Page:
Onion Skins: and plenty of them! I didn't weigh minebut I would guess I used about
An Enamel Pot used for dyeing: I have a special dye potthat I thrifted at Goodwill, best $3 spent! used only for dyeing so I don't stain my nice kitchen pots. While onion skins are all-natural the pigment can still get on your kitchen tools and pots, so I would recommend using one special for dye only.
Tongs & Something to Stir With: As with the pot aboveI would recommend using equipment only for dying and not your normal kitchen tools. I stirred my fabrics with a stick from outside so I wouldn't dye my wooden spoons yellow.
Natural Fabric: Natural plant fabrics hold natural dyes bestso use fabric that is 100% cotton, silk, linen, or flax.
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Wash the Fabric
I like to pre-wash my fabric before dyeing as it removes any of the chemicals that the fabric may have on it form the manufacturing process. Just throw them in the normal wash machine with some detergent, and wash on a normal cycle. Hang to dry.
Prepare the Dye
Fill a large enamel pot with onion skins, and cover with water until about 3/4 of your pot is full. I didn't measure in weight how many skins I had, I just filled the pot, and got down to dyeing. Bring the onion skins to a boil and simmer on low for 1 hour.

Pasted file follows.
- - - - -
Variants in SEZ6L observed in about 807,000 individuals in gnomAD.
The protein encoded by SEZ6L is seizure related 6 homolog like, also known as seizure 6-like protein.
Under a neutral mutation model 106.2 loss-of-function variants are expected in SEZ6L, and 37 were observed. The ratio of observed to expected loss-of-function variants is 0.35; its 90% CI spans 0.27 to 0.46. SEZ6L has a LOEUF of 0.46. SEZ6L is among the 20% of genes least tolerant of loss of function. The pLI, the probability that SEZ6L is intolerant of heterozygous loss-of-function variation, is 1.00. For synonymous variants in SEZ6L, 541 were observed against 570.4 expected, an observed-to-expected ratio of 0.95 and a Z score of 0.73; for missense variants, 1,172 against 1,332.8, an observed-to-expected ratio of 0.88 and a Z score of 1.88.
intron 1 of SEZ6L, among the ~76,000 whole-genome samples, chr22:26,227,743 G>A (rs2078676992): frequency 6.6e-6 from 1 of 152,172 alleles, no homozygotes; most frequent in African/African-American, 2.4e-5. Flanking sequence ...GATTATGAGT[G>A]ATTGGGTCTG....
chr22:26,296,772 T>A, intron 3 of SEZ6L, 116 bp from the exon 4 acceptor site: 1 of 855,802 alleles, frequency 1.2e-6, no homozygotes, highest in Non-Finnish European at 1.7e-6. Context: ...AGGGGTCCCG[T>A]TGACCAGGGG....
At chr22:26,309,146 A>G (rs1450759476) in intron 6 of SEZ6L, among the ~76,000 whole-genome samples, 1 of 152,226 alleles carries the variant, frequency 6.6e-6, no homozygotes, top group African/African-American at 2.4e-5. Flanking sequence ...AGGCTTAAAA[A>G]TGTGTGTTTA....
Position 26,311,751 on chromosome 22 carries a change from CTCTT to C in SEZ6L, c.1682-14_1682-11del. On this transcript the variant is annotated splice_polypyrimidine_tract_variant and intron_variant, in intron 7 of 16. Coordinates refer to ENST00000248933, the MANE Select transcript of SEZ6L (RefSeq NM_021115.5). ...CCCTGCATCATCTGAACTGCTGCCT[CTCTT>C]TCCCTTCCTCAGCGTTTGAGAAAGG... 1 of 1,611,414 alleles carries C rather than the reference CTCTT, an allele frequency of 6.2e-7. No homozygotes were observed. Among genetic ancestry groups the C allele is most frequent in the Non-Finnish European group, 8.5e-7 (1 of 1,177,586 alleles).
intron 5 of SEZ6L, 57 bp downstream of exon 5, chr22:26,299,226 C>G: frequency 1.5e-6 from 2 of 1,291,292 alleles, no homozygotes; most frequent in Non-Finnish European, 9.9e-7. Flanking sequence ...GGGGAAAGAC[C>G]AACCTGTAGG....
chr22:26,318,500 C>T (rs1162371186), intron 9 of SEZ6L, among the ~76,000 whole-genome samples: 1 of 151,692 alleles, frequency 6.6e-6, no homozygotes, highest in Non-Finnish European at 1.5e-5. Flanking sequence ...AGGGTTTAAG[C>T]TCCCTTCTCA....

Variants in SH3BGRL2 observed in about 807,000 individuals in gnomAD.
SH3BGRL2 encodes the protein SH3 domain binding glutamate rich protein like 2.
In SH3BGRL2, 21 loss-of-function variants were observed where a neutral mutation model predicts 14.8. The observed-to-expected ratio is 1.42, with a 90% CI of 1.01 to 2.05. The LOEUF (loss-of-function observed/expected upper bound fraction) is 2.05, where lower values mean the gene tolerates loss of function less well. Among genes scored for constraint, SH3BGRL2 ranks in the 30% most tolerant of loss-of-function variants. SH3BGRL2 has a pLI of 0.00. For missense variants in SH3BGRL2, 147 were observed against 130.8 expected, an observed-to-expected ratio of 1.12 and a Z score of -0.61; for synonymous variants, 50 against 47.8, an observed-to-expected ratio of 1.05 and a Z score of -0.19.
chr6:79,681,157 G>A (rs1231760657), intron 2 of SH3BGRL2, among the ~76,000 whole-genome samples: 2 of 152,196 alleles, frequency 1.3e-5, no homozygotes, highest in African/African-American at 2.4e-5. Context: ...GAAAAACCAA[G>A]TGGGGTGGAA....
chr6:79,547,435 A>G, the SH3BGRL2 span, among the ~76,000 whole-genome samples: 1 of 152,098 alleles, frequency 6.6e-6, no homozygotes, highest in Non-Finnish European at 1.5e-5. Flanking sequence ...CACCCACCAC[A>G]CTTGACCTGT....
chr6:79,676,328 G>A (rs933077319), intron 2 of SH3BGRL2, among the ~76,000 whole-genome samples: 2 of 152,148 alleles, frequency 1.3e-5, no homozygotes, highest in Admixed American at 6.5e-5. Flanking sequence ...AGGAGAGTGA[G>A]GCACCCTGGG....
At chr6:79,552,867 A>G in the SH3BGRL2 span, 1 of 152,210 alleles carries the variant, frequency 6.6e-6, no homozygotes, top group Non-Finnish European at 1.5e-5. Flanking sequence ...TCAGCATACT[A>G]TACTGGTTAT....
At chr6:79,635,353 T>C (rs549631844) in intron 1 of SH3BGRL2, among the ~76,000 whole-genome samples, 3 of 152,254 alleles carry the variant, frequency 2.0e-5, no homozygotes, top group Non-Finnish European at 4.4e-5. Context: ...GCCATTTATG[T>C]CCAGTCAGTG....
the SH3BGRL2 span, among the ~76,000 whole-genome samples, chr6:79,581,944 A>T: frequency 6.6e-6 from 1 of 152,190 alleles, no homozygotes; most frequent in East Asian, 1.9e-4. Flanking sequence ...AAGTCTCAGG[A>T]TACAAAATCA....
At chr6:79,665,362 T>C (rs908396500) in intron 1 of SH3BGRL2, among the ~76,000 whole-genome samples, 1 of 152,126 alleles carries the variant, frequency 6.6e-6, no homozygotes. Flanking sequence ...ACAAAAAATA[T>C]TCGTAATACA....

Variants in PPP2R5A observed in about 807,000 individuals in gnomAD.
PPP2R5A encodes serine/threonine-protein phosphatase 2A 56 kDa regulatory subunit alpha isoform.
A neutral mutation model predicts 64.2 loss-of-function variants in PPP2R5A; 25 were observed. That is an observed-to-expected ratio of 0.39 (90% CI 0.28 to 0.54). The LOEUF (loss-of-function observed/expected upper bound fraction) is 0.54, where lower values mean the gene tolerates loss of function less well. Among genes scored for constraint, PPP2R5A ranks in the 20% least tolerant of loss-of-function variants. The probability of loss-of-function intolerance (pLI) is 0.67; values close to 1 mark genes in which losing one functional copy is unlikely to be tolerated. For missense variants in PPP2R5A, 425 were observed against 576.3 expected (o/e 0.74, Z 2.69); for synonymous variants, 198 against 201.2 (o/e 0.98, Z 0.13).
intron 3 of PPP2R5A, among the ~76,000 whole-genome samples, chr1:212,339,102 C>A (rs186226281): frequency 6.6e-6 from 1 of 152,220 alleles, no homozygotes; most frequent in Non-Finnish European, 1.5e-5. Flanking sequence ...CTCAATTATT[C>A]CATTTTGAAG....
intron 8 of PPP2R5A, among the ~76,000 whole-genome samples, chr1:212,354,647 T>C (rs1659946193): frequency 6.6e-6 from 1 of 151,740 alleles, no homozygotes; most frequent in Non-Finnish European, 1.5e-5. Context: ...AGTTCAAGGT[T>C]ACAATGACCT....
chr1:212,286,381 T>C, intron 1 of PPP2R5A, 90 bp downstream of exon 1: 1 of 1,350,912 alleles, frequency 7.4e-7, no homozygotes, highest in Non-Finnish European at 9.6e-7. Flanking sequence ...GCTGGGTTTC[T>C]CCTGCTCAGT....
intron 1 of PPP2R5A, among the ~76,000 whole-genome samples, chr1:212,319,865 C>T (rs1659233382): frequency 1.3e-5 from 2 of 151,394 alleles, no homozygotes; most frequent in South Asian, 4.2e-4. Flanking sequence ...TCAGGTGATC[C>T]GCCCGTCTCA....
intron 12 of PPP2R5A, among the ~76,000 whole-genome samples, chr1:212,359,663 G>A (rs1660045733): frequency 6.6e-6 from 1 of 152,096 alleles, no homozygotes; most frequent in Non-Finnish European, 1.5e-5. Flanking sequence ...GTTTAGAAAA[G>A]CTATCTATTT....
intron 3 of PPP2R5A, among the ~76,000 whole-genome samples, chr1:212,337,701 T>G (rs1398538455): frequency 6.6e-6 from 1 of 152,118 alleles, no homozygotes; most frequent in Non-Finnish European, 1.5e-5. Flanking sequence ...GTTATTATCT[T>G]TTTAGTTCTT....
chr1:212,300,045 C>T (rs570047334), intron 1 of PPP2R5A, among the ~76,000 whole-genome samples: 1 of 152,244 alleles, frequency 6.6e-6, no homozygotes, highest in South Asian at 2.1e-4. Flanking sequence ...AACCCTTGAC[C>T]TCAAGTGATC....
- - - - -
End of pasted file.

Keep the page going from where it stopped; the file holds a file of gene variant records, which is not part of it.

Warm the Fabric
In a separate pot, boil some water and add your fabric to this to let it boil for about 5 minutes or so. This will help the dye adhere to the fabric better.
Add Fabric to Dye Pot
Using tongs, carefully add the hot fabric to the dye pot with the onion skins. Stir well to ensure no air bubbles are trapped under the fabric. Simmer the dye and fabric for an hour, then turn off heat and allow the fabric to soak in the dye for 1 day.
*You can keep the fabric soaking for longer than 1 day for a deeper richer color... I found that I loved the color after 24 hours, but assess and allow fabric to soak for longer if desired.
After your fabric has been sitting in the dye for 24 hours, it should have a bright yellow hue. Discard the dye (I did outside in our forest because I didn't want to get pigment in our kitchen sink) so only the fabric remains in the pot.
Under cold running water, rinse out the dye from your fabric. Continue to rinse until no more pigment comes out from the fabric and the water runs clear over it.
Hang to Dry
Allow the fabric to air-dry on a drying rack, clothesline, or over a hanger. It was a beautiful sunny day when I finished dyeing, so on the clothesline they went!
Enjoy Your Lovely New Textiles!
After my fabrics dried I was so happy with the bright yellow color from the onion skins. These tea towels would make such a perfect hand-made gift - but I am keeping them because they are a little too beautiful to part with.